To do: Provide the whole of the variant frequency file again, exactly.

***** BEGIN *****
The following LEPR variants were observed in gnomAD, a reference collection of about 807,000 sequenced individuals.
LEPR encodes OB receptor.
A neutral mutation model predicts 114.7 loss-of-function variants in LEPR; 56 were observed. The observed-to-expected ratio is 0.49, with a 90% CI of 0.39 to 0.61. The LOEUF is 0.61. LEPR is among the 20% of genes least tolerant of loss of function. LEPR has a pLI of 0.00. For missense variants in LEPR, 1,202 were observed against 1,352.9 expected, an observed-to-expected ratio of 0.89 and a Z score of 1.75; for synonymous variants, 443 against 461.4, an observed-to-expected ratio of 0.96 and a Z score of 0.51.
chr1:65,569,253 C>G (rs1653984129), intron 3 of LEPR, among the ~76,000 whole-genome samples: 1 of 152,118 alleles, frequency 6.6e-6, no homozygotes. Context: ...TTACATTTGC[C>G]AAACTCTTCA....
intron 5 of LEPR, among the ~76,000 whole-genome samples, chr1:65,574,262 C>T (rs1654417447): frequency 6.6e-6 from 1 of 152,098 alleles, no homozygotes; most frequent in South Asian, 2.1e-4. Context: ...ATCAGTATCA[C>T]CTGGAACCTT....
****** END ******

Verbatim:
The following LEPR variants were observed in gnomAD, a reference collection of about 807,000 sequenced individuals.
LEPR encodes OB receptor.
A neutral mutation model predicts 114.7 loss-of-function variants in LEPR; 56 were observed. The observed-to-expected ratio is 0.49, with a 90% CI of 0.39 to 0.61. The LOEUF is 0.61. LEPR is among the 20% of genes least tolerant of loss of function. LEPR has a pLI of 0.00. For missense variants in LEPR, 1,202 were observed against 1,352.9 expected, an observed-to-expected ratio of 0.89 and a Z score of 1.75; for synonymous variants, 443 against 461.4, an observed-to-expected ratio of 0.96 and a Z score of 0.51.
chr1:65,569,253 C>G (rs1653984129), intron 3 of LEPR, among the ~76,000 whole-genome samples: 1 of 152,118 alleles, frequency 6.6e-6, no homozygotes. Context: ...TTACATTTGC[C>G]AAACTCTTCA....
intron 5 of LEPR, among the ~76,000 whole-genome samples, chr1:65,574,262 C>T (rs1654417447): frequency 6.6e-6 from 1 of 152,098 alleles, no homozygotes; most frequent in South Asian, 2.1e-4. Context: ...ATCAGTATCA[C>T]CTGGAACCTT....